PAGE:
Other studies also suggest older people might be better shielded from serious illness with an additional booster, the officials said. They noted they are not advocating the second omicron booster for young people, who might experience rare heart-related side effects. ....

 

 

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On 4/3/2023 at 7:38 PM, Raja said:

I hope when you get to a point in life when you need to be mechanically ventilated, you have the same attitude. It boggles my mind that someone can reach the age of 50 and barely have any real world understanding of science & medicine.

Also, The Affordable Care Act has done so much good for your country, but again, you seem to have no real world understanding of it.

There are dramtically fewer small practice general physicians anymore in the US.  You have absolutely no idea about how terrible ACA has been.  If you want to keep your doctor, you're going to need to store him in your freezer.

Nearly every medical practice has been acquired and reacquired and consolidated.  The doctors close enough to retirement have mostly left and the rest are all just promoting whatever the insurance companies are saying.  Top down planning is shit in general, and also specifically in this case. 

When hospitals get reimbursed for covid deaths and intubating, how do you think those trends would change?  There's almost nothing personal left in personal health care, it's mostly salaried folks in debt, following orders.  But the economies of scale are great for the important people.

Edited by mcbigski
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What in the bloomin' world does any of that have to do with ACA??????????  The ACA provided access to health care that otherwise people didn't have, so small practices shut down? Calm down, take another drink, take a buncha more drinks, and save yourself from ACA. :P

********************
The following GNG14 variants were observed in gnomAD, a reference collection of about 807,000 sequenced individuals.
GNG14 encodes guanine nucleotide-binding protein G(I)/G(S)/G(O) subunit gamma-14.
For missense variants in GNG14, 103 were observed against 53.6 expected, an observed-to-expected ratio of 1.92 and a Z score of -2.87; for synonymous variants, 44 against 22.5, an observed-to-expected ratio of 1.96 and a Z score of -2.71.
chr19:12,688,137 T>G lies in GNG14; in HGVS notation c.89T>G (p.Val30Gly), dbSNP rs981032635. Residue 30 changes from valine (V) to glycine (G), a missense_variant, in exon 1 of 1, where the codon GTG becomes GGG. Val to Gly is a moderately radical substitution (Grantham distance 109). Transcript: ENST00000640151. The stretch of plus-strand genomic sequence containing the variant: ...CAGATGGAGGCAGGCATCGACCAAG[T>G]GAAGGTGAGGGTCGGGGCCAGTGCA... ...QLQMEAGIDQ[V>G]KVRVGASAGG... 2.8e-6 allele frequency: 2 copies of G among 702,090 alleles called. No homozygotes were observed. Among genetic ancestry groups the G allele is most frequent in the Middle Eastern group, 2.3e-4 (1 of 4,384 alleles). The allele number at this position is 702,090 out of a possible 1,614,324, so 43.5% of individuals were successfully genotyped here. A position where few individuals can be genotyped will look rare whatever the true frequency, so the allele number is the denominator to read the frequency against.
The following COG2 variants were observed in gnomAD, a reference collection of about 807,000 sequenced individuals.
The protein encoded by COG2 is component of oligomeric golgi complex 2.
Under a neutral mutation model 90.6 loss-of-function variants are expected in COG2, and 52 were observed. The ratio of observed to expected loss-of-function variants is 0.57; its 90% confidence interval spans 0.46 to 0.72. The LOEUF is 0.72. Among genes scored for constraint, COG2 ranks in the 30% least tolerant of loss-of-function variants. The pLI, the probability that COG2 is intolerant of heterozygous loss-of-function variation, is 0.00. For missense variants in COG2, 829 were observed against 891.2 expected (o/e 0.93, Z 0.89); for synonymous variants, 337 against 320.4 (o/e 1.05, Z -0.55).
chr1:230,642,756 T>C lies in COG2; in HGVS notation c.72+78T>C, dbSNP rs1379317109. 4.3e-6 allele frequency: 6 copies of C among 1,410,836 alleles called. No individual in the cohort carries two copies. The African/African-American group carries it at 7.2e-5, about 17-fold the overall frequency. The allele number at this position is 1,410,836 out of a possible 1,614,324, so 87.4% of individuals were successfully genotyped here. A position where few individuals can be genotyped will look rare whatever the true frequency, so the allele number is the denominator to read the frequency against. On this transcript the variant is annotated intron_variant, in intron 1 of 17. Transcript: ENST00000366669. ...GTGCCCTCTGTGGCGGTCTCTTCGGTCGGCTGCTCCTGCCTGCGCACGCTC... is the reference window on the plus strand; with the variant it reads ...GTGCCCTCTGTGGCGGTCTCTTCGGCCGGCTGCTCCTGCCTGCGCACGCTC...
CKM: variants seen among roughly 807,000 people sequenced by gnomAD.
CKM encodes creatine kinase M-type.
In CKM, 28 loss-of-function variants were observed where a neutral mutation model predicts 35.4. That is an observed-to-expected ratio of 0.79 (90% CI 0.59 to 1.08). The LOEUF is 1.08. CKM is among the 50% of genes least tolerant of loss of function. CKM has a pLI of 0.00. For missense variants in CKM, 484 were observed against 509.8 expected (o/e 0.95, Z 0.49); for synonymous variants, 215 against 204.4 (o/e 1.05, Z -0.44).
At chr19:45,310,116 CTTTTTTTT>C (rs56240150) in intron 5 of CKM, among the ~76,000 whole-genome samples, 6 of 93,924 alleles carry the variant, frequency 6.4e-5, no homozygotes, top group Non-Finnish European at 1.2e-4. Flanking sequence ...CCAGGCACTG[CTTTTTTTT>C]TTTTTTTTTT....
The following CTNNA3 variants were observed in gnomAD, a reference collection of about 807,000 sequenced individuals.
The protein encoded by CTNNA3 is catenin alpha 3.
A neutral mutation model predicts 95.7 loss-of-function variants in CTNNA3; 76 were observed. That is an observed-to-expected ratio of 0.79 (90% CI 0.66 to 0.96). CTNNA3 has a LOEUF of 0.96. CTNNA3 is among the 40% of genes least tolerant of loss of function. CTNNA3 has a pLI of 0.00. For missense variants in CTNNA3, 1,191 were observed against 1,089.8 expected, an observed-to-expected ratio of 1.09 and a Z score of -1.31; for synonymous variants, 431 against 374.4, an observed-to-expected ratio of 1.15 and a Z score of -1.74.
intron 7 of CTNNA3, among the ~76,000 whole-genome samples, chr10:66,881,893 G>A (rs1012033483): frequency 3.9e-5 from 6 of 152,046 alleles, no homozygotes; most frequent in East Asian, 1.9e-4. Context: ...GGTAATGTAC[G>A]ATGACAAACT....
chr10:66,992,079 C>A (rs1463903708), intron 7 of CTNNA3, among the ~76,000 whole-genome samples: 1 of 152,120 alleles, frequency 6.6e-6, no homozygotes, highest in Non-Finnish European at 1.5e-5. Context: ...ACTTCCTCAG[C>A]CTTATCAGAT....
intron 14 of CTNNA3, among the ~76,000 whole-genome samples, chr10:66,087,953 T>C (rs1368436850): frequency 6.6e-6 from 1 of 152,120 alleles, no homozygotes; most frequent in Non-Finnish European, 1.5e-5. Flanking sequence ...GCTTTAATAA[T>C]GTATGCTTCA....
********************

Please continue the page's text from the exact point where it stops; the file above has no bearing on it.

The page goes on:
Edited by Zorral
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2 hours ago, Zorral said:

What in the bloomin' world does any of that have to do with ACA??????????  The ACA provided access to health care that otherwise people didn't have, so small practices shut down? Calm down, take another drink, take a buncha more drinks, and save yourself from ACA. :P

I am sure that in some way the ACA is responsible for the aging boomer population of  MDs retiring.  Did Obama not specifically put in a time portal to boost births in the 50s to screw old Republicans who can no longer find a doctor in the 2020s? 

Silly as it seems my argument makes more sense than the drivel posted by McB.

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19 hours ago, mcbigski said:

 You have absolutely no idea about how terrible ACA has been. 

I do, actually. And it hasn't been terrible. If anything, it didn't go far enough.

The amount of people that that got covered by insurance because of the ACA and medicaid expansion is a net positive. In addition, things like Employer requirements, Essential benefits package, dependent coverage. The ACA was the comprehensive plan that your country needed for it's residents - is there more to do? Absolutely.